introduction | ending | interlude | extension of phrase | shout chorus
In a traditional sense, the shout chorus is the pinnacle of the big band chart. Similar to the development section in Sonata Allegro form. This is where the writer can exhibit his skills, creating something new and different within the arrangement. This is the most exciting part of the chart. In much of today's contemporary jazz writing the shout chorus is no longer a tutti section, where everyone plays the same rhythm. It has become more subdued and sophisticated - less stereotypical of the big band era. Listen to the music of Maria Schneider and Jim McNeely.
Most of the examples below represent the traditional approach.
- There Is No Greater Love - One and half choruses of swinging shout chorus after an improvised trumpet solo. The solo trumpet returns on the bridge keeping the form of the tune intact.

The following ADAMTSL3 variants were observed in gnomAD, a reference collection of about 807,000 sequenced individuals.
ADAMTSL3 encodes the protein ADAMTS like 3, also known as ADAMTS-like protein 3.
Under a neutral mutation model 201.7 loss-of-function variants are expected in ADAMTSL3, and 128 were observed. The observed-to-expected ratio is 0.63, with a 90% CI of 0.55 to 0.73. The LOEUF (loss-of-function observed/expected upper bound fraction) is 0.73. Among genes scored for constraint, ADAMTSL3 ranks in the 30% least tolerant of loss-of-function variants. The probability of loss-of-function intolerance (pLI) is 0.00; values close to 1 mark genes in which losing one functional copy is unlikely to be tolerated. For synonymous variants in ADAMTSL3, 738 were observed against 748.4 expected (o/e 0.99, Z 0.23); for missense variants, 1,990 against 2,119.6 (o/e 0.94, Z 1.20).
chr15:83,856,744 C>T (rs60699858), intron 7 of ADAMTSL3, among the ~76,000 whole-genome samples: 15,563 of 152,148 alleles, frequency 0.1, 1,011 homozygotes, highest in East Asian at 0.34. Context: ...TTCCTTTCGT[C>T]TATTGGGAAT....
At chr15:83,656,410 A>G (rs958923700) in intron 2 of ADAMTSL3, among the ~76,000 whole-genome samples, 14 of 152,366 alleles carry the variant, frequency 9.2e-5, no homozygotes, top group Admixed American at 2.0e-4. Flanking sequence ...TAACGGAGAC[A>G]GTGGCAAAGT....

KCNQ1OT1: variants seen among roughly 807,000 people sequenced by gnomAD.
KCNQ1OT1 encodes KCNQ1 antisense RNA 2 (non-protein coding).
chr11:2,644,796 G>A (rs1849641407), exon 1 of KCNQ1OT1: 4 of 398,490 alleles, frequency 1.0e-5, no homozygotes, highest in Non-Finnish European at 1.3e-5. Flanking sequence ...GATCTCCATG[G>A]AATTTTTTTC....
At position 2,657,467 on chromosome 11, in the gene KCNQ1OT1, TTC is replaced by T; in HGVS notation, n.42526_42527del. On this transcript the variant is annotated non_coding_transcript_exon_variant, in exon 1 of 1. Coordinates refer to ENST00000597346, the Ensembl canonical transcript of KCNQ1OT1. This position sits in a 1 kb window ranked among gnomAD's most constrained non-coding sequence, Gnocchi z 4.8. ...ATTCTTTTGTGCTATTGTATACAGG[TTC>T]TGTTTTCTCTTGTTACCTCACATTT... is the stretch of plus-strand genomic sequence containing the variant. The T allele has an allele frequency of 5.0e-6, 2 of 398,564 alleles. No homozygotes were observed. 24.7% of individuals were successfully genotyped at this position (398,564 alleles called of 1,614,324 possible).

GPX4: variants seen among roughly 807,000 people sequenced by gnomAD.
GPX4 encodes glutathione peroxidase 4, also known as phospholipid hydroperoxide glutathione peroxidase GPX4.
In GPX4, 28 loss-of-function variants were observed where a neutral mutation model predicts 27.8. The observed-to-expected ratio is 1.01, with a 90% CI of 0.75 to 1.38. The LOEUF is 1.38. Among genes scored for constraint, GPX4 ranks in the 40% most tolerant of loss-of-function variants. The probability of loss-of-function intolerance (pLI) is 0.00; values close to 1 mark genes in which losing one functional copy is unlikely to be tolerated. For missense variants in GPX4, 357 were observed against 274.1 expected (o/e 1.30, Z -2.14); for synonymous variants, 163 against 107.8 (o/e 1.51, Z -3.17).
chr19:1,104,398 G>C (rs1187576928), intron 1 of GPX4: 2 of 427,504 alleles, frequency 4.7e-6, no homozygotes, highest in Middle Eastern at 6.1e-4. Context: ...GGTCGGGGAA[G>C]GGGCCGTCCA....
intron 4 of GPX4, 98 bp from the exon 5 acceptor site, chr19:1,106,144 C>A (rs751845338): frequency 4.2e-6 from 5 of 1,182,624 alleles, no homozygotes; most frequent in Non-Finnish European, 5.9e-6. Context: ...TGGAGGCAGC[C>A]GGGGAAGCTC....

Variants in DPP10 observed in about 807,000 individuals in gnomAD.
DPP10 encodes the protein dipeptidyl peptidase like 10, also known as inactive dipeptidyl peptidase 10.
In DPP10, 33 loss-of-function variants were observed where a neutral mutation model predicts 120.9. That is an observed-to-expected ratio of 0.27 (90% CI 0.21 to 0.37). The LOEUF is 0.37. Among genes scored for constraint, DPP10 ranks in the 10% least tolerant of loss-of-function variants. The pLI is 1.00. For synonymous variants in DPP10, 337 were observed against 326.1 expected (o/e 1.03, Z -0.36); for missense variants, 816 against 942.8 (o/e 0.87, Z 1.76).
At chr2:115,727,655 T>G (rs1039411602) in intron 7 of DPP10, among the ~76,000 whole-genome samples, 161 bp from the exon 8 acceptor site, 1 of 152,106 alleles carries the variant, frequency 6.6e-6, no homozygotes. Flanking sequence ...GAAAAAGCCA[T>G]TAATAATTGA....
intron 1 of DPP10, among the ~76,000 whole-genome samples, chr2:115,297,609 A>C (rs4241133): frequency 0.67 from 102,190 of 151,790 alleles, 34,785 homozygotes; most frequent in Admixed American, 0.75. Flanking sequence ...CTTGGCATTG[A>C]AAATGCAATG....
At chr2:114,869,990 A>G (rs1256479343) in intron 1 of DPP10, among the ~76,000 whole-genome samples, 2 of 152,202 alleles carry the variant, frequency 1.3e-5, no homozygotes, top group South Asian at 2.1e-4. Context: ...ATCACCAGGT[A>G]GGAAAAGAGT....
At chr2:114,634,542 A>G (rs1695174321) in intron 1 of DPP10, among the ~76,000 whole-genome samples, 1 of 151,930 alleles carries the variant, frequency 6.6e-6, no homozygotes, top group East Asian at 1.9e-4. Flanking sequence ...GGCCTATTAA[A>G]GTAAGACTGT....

- Hubtones - Two blues choruses after the solo section.
- Entropical Paradise - An example of a truly developmental shout section. Various motifs from the melody have been developed and new material added to create variety. After the shout the melody returns at the bridge.
- The Cheese That Time Forgot - Two choruses of blues. Begins soft and increases intensity to introduce the tenor solo.
- The Cheese That Time Forgot - Two choruses of blues after the solo. Picks up the momentum created by the soloist.